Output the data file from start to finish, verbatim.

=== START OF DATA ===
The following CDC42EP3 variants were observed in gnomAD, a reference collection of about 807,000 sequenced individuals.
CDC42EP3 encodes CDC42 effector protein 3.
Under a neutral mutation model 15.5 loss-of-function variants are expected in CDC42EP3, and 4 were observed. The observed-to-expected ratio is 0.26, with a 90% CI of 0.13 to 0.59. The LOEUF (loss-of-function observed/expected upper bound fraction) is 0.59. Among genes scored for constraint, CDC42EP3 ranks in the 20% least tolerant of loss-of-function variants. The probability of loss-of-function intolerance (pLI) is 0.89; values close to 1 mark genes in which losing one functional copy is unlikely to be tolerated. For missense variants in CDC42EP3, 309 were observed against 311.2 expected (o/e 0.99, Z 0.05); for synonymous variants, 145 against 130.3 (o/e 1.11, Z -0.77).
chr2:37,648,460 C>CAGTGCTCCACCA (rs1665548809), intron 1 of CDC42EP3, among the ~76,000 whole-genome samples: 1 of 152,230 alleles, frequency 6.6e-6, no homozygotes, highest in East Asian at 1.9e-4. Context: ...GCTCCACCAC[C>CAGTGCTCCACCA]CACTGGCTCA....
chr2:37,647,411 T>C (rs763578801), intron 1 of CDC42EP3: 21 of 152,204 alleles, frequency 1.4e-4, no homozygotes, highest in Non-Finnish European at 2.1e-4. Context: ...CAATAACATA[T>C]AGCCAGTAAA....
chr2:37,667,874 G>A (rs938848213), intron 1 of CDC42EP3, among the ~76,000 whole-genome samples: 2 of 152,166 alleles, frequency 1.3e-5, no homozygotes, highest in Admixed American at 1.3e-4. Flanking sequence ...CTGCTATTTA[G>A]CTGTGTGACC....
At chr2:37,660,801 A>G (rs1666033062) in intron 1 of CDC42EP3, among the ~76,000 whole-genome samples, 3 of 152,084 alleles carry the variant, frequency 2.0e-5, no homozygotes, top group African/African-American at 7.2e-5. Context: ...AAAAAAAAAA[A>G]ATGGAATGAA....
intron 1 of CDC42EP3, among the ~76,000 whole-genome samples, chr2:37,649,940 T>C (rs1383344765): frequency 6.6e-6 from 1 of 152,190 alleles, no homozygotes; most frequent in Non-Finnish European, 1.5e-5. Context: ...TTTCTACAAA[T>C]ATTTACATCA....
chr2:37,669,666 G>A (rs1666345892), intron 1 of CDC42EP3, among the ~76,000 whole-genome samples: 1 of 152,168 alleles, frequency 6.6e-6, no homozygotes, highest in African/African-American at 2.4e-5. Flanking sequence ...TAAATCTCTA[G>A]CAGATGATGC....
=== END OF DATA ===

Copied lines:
The following CDC42EP3 variants were observed in gnomAD, a reference collection of about 807,000 sequenced individuals.
CDC42EP3 encodes CDC42 effector protein 3.
Under a neutral mutation model 15.5 loss-of-function variants are expected in CDC42EP3, and 4 were observed. The observed-to-expected ratio is 0.26, with a 90% CI of 0.13 to 0.59. The LOEUF (loss-of-function observed/expected upper bound fraction) is 0.59. Among genes scored for constraint, CDC42EP3 ranks in the 20% least tolerant of loss-of-function variants. The probability of loss-of-function intolerance (pLI) is 0.89; values close to 1 mark genes in which losing one functional copy is unlikely to be tolerated. For missense variants in CDC42EP3, 309 were observed against 311.2 expected (o/e 0.99, Z 0.05); for synonymous variants, 145 against 130.3 (o/e 1.11, Z -0.77).
chr2:37,648,460 C>CAGTGCTCCACCA (rs1665548809), intron 1 of CDC42EP3, among the ~76,000 whole-genome samples: 1 of 152,230 alleles, frequency 6.6e-6, no homozygotes, highest in East Asian at 1.9e-4. Context: ...GCTCCACCAC[C>CAGTGCTCCACCA]CACTGGCTCA....
chr2:37,647,411 T>C (rs763578801), intron 1 of CDC42EP3: 21 of 152,204 alleles, frequency 1.4e-4, no homozygotes, highest in Non-Finnish European at 2.1e-4. Context: ...CAATAACATA[T>C]AGCCAGTAAA....
chr2:37,667,874 G>A (rs938848213), intron 1 of CDC42EP3, among the ~76,000 whole-genome samples: 2 of 152,166 alleles, frequency 1.3e-5, no homozygotes, highest in Admixed American at 1.3e-4. Flanking sequence ...CTGCTATTTA[G>A]CTGTGTGACC....
At chr2:37,660,801 A>G (rs1666033062) in intron 1 of CDC42EP3, among the ~76,000 whole-genome samples, 3 of 152,084 alleles carry the variant, frequency 2.0e-5, no homozygotes, top group African/African-American at 7.2e-5. Context: ...AAAAAAAAAA[A>G]ATGGAATGAA....
intron 1 of CDC42EP3, among the ~76,000 whole-genome samples, chr2:37,649,940 T>C (rs1383344765): frequency 6.6e-6 from 1 of 152,190 alleles, no homozygotes; most frequent in Non-Finnish European, 1.5e-5. Context: ...TTTCTACAAA[T>C]ATTTACATCA....
chr2:37,669,666 G>A (rs1666345892), intron 1 of CDC42EP3, among the ~76,000 whole-genome samples: 1 of 152,168 alleles, frequency 6.6e-6, no homozygotes, highest in African/African-American at 2.4e-5. Flanking sequence ...TAAATCTCTA[G>A]CAGATGATGC....